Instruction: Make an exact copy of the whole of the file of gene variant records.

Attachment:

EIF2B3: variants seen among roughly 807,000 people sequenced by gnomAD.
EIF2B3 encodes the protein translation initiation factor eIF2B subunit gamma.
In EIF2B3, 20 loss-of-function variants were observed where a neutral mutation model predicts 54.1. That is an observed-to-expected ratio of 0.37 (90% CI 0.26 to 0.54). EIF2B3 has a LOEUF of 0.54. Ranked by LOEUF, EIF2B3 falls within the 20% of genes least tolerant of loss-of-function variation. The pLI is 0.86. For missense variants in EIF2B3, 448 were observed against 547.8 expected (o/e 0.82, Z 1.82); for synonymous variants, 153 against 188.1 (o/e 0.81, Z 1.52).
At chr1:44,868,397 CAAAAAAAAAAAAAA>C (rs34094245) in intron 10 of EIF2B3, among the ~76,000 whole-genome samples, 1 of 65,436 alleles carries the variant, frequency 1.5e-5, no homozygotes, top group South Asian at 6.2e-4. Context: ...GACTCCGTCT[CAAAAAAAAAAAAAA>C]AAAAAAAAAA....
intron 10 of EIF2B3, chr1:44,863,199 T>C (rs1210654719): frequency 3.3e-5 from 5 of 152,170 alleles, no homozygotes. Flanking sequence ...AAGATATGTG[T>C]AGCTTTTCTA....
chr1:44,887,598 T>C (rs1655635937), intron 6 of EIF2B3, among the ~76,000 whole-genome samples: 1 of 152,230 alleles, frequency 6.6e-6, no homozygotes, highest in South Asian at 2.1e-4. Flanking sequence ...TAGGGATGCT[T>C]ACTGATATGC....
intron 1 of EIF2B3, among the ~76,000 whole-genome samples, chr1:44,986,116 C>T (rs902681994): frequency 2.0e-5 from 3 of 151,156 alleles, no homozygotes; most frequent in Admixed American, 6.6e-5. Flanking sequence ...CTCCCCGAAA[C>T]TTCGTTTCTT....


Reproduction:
EIF2B3: variants seen among roughly 807,000 people sequenced by gnomAD.
EIF2B3 encodes the protein translation initiation factor eIF2B subunit gamma.
In EIF2B3, 20 loss-of-function variants were observed where a neutral mutation model predicts 54.1. That is an observed-to-expected ratio of 0.37 (90% CI 0.26 to 0.54). EIF2B3 has a LOEUF of 0.54. Ranked by LOEUF, EIF2B3 falls within the 20% of genes least tolerant of loss-of-function variation. The pLI is 0.86. For missense variants in EIF2B3, 448 were observed against 547.8 expected (o/e 0.82, Z 1.82); for synonymous variants, 153 against 188.1 (o/e 0.81, Z 1.52).
At chr1:44,868,397 CAAAAAAAAAAAAAA>C (rs34094245) in intron 10 of EIF2B3, among the ~76,000 whole-genome samples, 1 of 65,436 alleles carries the variant, frequency 1.5e-5, no homozygotes, top group South Asian at 6.2e-4. Context: ...GACTCCGTCT[CAAAAAAAAAAAAAA>C]AAAAAAAAAA....
intron 10 of EIF2B3, chr1:44,863,199 T>C (rs1210654719): frequency 3.3e-5 from 5 of 152,170 alleles, no homozygotes. Flanking sequence ...AAGATATGTG[T>C]AGCTTTTCTA....
chr1:44,887,598 T>C (rs1655635937), intron 6 of EIF2B3, among the ~76,000 whole-genome samples: 1 of 152,230 alleles, frequency 6.6e-6, no homozygotes, highest in South Asian at 2.1e-4. Flanking sequence ...TAGGGATGCT[T>C]ACTGATATGC....
intron 1 of EIF2B3, among the ~76,000 whole-genome samples, chr1:44,986,116 C>T (rs902681994): frequency 2.0e-5 from 3 of 151,156 alleles, no homozygotes; most frequent in Admixed American, 6.6e-5. Flanking sequence ...CTCCCCGAAA[C>T]TTCGTTTCTT....